12th Sunday in Ordinary Time | June 21, 2020
See today’s readings here. Video recordings of the Sunday evening Mass, where Fr. Brian regularly preaches, are available on Facebook at Delaware Koinonia. The archive of all of Fr. Brian’s homilies can be found here: Salesian Sermons
Why should I feel discouraged / Why should the shadows come
Why should my heart feel lonely / And long for heaven and home
When Jesus is my portion / A constant friend is He
His eye is on the sparrow / And I know He watches over me
His eye is on the sparrow / And I know He watches me
I still remember the 1st time I heard these lyrics.
It was at St. Anthony of Padua parish in Brookland, Washington DC.
And I was attending one of my first Gospel Masses.
I remember the cantor walking up to the microphone, the piano player hitting the first note and then suddenly I was surrounded by the sound of an entire congregation singing a hymn that was as familiar to them as amazing grace.
Older black men, eyes closed, gently whispering the words. Older black women swaying back and forth, tears at the corners of their eyes, belting it out.
And me, just sitting, letting it all flow over me.
I knew in that moment that I was tapping into something much deeper than a beloved Church hymn. That this spiritual was tapping into a language that I was only just beginning to understand.
The language of the other. The language of the oppressed. The language of the downtrodden.
See I never really gave this Gospel much thought. I mean, it was a comforting, quaint image. But not much more to me.
For I have never been told to question my worth.
I have never been told to stay in the shadows.
I have walked through life constantly affirmed in my potential. Doors were opened. Paths prepared.
And I walked through them unafraid. Into the dazzling light that shines on the successful.
And when I met those inevitable people who didn’t see my worth, I had an army of people who loved me, standing behind me as I regained my footing and began to walk again.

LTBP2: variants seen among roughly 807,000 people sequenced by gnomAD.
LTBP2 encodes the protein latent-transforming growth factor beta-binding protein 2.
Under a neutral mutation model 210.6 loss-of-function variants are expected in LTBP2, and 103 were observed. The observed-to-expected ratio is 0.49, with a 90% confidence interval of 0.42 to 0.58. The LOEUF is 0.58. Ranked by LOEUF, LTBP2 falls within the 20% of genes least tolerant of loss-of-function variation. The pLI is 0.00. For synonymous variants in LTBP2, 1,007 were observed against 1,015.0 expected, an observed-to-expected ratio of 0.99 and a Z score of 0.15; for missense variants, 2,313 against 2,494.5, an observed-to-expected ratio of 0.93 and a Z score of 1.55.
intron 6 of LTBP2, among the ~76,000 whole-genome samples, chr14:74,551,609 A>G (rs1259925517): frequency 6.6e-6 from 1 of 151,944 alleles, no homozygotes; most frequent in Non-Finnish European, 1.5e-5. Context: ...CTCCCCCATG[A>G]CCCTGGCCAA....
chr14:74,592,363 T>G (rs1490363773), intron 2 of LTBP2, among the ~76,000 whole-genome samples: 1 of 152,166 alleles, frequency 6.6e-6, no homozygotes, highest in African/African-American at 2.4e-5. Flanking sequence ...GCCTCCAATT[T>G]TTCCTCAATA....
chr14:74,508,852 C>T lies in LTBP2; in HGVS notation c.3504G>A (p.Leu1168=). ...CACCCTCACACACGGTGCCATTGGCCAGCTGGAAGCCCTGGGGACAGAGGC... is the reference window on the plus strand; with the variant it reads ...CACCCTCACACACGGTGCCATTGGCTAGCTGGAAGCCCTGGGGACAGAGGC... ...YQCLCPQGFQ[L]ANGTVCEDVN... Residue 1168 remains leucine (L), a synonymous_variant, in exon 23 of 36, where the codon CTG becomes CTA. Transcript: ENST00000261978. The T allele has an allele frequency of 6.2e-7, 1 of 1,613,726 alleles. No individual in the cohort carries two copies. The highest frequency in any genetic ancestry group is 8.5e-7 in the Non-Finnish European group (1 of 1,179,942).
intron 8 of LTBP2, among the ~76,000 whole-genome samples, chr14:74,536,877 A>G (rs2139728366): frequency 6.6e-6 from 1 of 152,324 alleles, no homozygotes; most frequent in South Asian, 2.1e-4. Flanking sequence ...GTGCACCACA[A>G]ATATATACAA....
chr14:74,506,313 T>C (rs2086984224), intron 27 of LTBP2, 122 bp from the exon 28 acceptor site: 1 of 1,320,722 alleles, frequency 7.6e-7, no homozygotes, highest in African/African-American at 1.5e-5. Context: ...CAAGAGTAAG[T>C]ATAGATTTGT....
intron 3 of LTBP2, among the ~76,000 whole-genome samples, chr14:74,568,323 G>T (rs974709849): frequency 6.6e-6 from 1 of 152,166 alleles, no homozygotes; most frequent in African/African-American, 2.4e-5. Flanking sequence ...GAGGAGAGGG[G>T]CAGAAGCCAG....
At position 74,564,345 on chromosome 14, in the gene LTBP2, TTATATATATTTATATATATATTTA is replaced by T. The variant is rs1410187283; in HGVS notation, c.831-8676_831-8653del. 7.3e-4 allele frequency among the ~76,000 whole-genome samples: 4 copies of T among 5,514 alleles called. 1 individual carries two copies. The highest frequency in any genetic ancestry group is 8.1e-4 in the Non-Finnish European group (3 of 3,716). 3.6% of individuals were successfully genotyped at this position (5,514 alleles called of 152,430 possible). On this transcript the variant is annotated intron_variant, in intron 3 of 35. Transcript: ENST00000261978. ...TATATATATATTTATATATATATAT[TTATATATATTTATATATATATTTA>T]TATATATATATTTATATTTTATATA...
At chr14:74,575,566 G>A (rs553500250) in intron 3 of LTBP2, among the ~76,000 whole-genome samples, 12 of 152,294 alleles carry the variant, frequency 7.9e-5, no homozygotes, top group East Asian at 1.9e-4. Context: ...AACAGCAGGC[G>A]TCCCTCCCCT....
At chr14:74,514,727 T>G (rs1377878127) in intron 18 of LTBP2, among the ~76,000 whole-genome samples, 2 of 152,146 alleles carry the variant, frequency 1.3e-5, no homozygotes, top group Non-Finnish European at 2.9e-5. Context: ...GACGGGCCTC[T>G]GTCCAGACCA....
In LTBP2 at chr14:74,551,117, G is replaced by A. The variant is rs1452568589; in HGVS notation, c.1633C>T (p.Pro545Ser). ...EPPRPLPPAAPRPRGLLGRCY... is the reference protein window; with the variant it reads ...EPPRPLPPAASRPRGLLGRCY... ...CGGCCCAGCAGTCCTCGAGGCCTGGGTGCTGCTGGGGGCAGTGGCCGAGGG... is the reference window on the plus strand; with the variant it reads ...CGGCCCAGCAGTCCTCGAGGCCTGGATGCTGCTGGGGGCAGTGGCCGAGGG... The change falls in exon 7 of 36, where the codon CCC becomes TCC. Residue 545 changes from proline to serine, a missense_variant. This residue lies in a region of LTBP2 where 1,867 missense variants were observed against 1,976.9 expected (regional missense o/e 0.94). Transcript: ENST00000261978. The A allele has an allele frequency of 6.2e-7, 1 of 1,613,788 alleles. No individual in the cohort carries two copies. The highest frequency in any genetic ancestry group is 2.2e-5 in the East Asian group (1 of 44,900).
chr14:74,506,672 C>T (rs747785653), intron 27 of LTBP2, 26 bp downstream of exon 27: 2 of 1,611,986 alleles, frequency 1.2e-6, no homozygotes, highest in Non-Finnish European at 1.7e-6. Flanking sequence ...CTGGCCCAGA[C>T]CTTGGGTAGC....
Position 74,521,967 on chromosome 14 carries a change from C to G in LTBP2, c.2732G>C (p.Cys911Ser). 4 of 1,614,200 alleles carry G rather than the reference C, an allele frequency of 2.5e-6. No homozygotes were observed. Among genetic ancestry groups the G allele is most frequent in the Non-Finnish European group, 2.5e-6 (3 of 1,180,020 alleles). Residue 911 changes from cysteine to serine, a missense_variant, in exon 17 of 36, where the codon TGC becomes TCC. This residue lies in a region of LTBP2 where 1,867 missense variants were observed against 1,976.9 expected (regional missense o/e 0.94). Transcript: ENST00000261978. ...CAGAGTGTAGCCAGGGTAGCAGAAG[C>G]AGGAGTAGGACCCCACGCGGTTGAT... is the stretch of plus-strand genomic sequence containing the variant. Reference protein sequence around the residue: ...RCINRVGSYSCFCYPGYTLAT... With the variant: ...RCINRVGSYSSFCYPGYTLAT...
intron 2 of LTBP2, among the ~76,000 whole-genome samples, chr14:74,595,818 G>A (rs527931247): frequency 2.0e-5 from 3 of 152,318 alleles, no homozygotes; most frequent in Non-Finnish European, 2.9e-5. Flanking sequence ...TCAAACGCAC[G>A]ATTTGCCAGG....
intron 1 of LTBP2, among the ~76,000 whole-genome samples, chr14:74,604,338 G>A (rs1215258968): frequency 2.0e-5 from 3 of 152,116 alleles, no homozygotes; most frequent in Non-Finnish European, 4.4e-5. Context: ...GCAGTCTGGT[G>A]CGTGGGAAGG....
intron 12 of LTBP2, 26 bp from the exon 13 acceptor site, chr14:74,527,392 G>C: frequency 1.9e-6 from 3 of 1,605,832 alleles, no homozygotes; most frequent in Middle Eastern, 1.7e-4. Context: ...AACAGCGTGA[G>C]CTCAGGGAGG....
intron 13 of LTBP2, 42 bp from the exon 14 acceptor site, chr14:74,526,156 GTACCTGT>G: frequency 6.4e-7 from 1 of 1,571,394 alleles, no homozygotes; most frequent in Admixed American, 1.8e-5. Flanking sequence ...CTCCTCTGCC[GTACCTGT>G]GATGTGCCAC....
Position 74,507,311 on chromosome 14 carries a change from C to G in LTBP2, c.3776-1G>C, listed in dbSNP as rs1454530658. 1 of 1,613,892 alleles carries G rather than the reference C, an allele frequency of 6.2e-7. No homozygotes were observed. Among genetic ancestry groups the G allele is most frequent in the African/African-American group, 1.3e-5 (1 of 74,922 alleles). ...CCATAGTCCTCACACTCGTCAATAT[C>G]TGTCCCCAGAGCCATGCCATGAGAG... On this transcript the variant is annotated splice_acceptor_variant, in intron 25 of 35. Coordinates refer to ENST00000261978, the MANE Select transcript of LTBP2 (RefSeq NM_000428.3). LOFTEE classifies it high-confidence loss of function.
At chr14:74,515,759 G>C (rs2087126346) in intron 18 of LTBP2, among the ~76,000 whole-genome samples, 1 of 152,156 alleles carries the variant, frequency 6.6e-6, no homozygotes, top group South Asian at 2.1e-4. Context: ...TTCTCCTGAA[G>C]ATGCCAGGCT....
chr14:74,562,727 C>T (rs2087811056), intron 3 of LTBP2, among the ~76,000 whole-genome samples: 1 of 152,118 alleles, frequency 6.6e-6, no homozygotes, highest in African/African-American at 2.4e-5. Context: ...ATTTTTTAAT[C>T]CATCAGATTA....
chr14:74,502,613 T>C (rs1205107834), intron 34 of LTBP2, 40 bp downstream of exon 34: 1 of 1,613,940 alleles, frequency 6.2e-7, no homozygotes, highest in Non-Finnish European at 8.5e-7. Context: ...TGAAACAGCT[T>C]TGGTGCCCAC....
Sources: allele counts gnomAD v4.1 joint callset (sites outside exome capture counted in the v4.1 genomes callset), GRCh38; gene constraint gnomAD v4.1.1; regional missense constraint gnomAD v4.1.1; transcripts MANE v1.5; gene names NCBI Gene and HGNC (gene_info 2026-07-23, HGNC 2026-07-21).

So I guess I assumed that this was how everyone experienced life.
But in that haunting melody, I began to question my naive assumptions about how we as a society value one another. I began to see that not everyone was granted the worth that is their birthright.
It has been over a decade since those Gospel masses.
But the lesson I learned that morning continues to resonate in our present moment.
For the worth of each individual is not determined by us.
It is not calculated by a capitalist worldview that reduces people to what they contribute to the economy, what they consume.
It is not determined by centuries of prejudice and white supremacy that have reduced people to the color of their skin
It is not a gift that can be bestowed or removed at a whim by politicians or judges, depending on the mood of the populace.
It is not at the mercy of our family members or teachers, bosses or coaches. It does not depend on our own self-confidence or self-esteem.
The worth of each individual is guaranteed by a God whose eye is watching each of us with care.
This God who sees each beloved child.
Whose song gently reaches out to every one who questions their worth. Everyone who lives in fear. Everyone who is surrounded by enemies, denouncing them at every turn
The God who says without hesitation. . .
Black lives matters.
Transgender lives matter.
Indigeous peoples lives matter
Undocumented lives matter
High school dropouts lives matter
Criminals lives matter
Homeless lives matter
Poor lives matter
Elderly lives matter
Unborn lives matter
Autistic lives matter
Addicts lives matter
The God who looks into each pair of eyes, brimming with pain and anger, with hopelessness and grief, with despair and defiance, with fear and self-loathing, with guilt and regret.
Who looks into our eyes.
And says. You are worth more than many sparrows, my child. I love you. You are mine.
This God who looks at us, those who dare to claim the name of Christian, and invites us to follow him. To see the world as our God sees. To treasure the other that our God delights in. To love the one whom our God loves.
This is the God proclaimed this night my friends. This is the God we believe in.
May we dare to be like the one in whose image we all are made.
May this God forever be praised.